Let It Go

I recently read Your Second Act by Patricia Heaton. I didn’t really relate to any of the stories included in the book of other people’s second act, but there were some good, general suggestions. Volunteer so you get an idea of what you might enjoy doing. Take aptitude and personality tests. Take classes. All good suggestion and some that I have done. The one that I think I really need to work on is to let go of my first act.

I didn’t take appropriate notes to remember exactly what the book said and I returned it to the library already, but I did find this quote from her online

“I couldn’t let go of those things that were sitting on the sideline of my heart, I had to bring them to pass,” she writes. “And that is what a second act is all about.”

I have not let go of the anger and bitterness about the end of my first act as a librarian. I am angry and bitter about the lack of respect I got from the leadership at the library. I’m angry and bitter about the multitude of rejections I got when I tried to move forward in my career. I’m angry and bitter about the lack of concern they had about a toxic work environment. I’m angry and bitter that the toxic work environment is still thriving and they still do nothing. I’m angry and bitter that toxic people are still in leadership positions and probably will be until they retire while I am now unemployed. I’m angry and bitter that the library constantly posts on social media making them look like they are all about civility while they let toxic people destroy people’s mental health. I need to let all of that go to move forward appropriately. The question is how? Here are some thoughts.

  1. Unfollow the library on social media – this is an easy one and I don’t know why I haven’t already done so. I don’t plan to attend any events and I can do all other library business as a customer without seeing them on Facebook.
  2. Unfollow librarians in general – I need to break up with the entire industry. Obviously, I won’t unfollow my actual friends in the library world, but I can unfollow random librarians, libraries and professional associations. I don’t need a daily reminder that my career is over.
  3. Change my personal library location – I’ve done this for the most part. I generally get my books from the library where I live now instead of where I worked. Occasionally, though, I do need to get books and movies from my former place of work, I can change my pickup location and go to a different branch so I don’t deal with the toxic person ever again.
  4. Forgiveness – I need to stop being angry at the people who did not care about my issues. I need to forgive and let go. They need to stop taking up space in my head and that is on me.
  5. Stop looking at other library jobs – I can’t move on from my past life if a part of me still thinks I should go back because it is the easy thing to do.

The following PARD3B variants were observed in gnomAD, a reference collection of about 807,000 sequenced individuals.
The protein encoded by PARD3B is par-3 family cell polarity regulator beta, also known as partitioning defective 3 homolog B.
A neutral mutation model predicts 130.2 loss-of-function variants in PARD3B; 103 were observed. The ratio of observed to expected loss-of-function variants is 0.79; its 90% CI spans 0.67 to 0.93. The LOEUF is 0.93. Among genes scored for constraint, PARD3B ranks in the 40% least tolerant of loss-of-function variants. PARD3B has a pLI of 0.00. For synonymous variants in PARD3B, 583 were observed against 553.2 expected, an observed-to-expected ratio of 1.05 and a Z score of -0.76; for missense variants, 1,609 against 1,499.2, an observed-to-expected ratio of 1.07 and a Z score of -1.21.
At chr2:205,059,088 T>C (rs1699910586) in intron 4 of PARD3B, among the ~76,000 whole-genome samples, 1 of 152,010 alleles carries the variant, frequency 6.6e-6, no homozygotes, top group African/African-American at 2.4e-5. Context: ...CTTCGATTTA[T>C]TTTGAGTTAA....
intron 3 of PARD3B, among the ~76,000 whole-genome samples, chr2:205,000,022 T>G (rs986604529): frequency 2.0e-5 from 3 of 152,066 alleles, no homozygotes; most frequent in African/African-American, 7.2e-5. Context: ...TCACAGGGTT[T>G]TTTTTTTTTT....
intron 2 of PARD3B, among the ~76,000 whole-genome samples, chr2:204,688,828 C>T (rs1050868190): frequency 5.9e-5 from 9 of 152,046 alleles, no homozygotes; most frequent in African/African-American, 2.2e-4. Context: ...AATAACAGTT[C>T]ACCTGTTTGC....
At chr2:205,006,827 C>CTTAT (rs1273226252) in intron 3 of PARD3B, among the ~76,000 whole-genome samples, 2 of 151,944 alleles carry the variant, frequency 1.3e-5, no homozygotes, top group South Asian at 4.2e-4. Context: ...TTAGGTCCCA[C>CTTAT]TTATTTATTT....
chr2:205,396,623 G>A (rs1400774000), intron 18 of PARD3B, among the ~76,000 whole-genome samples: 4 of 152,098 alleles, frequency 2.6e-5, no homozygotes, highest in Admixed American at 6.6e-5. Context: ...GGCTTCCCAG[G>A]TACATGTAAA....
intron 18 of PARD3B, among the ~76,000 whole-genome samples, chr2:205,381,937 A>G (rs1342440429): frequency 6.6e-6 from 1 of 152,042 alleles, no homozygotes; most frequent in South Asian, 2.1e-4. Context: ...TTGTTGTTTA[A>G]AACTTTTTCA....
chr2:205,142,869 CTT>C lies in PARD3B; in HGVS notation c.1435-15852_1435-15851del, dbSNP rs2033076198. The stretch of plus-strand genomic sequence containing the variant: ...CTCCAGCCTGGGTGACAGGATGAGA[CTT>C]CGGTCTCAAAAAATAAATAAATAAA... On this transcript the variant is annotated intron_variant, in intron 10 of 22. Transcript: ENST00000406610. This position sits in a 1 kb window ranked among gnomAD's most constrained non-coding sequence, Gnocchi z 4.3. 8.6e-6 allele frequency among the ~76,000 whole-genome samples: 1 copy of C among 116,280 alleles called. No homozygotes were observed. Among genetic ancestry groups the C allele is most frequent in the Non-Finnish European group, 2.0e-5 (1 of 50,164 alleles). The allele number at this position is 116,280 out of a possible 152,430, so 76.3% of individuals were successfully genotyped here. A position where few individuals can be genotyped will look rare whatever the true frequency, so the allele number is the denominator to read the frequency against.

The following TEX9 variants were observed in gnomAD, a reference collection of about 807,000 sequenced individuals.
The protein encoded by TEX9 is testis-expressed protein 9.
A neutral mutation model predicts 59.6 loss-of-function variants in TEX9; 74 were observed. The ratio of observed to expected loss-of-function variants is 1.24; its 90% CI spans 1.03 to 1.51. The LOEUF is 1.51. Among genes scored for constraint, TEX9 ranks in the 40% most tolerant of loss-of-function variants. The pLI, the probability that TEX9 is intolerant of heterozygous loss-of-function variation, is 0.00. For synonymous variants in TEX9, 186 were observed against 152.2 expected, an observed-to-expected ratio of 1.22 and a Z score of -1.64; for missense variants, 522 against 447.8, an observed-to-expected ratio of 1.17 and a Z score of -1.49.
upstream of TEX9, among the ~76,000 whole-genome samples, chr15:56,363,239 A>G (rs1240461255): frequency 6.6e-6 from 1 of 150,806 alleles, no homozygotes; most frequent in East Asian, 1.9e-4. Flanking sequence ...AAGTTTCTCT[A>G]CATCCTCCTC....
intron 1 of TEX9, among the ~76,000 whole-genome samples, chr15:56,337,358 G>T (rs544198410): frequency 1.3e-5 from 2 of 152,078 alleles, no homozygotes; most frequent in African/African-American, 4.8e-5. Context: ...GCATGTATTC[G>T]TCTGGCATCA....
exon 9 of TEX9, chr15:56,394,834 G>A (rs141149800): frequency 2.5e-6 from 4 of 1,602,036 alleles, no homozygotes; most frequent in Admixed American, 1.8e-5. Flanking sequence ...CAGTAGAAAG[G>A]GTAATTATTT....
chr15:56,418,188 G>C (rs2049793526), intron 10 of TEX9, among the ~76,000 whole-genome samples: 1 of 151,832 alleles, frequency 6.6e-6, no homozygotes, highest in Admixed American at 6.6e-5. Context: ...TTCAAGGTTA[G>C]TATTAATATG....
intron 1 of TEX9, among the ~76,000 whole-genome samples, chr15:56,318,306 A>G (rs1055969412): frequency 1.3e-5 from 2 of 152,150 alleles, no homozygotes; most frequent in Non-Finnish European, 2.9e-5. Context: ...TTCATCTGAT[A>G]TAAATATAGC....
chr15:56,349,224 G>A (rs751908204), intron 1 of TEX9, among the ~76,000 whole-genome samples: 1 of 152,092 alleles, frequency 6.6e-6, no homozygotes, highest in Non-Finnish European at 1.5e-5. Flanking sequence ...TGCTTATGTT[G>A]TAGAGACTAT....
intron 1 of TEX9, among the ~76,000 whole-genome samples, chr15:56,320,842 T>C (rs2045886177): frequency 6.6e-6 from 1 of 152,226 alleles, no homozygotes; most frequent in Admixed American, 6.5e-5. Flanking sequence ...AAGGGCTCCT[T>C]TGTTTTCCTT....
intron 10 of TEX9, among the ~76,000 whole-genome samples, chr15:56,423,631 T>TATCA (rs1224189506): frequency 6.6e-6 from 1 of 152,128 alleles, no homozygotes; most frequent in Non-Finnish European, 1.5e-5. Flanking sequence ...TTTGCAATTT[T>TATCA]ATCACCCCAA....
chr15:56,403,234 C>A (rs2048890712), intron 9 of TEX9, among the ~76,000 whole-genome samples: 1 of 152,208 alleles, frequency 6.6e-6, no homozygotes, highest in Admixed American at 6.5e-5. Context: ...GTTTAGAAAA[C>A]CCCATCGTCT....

6. Start doing more of the other things mentioned. Take a class, volunteer, do other things that will take my mind off the anger.

I’m sure there are other things I could do This is what comes to mind right now. I do need to let go of the past before I can move forward.


13 thoughts on “Let It Go

  1. This is a very thoughtful post which I can relate to. From my experience, the more time that passes, especially if you explore doing new and different things and interact with new people, the better you start feeling. Those negative emotions you feel about your past workplace/career soften over time-I promise. You just gotta move forward!

    Liked by 1 person

      1. I know. My husband loaned money to a “friend” who never repaid him. He was bitter for years and it affected my husband’s outlook and attitude. One day sitting in church, he forgave his friend. My husband moved on and was a happier person after that.

        Liked by 1 person

  2. In my head, forgiveness isn’t a “one and done”. I have never been able to just forgive and move on. For me, forgiveness is a multitude of small steps taken every day. Thoughts and feelings don’t listen to to the logical aspect of my brain (dang them!!!). So when those pesky reminders rear their ugly heads in my mind, I have to take a moment to once again “let it go”. It does get easier and more automatic with time. It helps that I am very possessive of the real estate in my head…I guard it jealously and don’t willingly let anyone live there rent free that I haven’t invited. I don’t seem to be able to control the unexpected, unwanted drop in visits but I am much better at kicking them out quickly.

    Hang in there, I know you are not a hugger, but am sending you a virtual one anyway.

    Liked by 1 person

    1. Thanks. Part of keeping them out of my head is to take the other steps of breaking ties like not using that branch for my books and not seeing their social media. I can’t forgive and let go if I see reminders daily.


  3. I think you know what to do. The steps you listed make a lot of sense, especially disconnecting with the social media connections that you don’t need. It’s hard to overcome the anger and bitterness. I am having a hard time getting over that with regard to a volunteer job that I’ve been away from for several years now. I’m toying with severing all ties with the organization, i.e., all social media connections. You make a good case for doing that.

    Liked by 1 person

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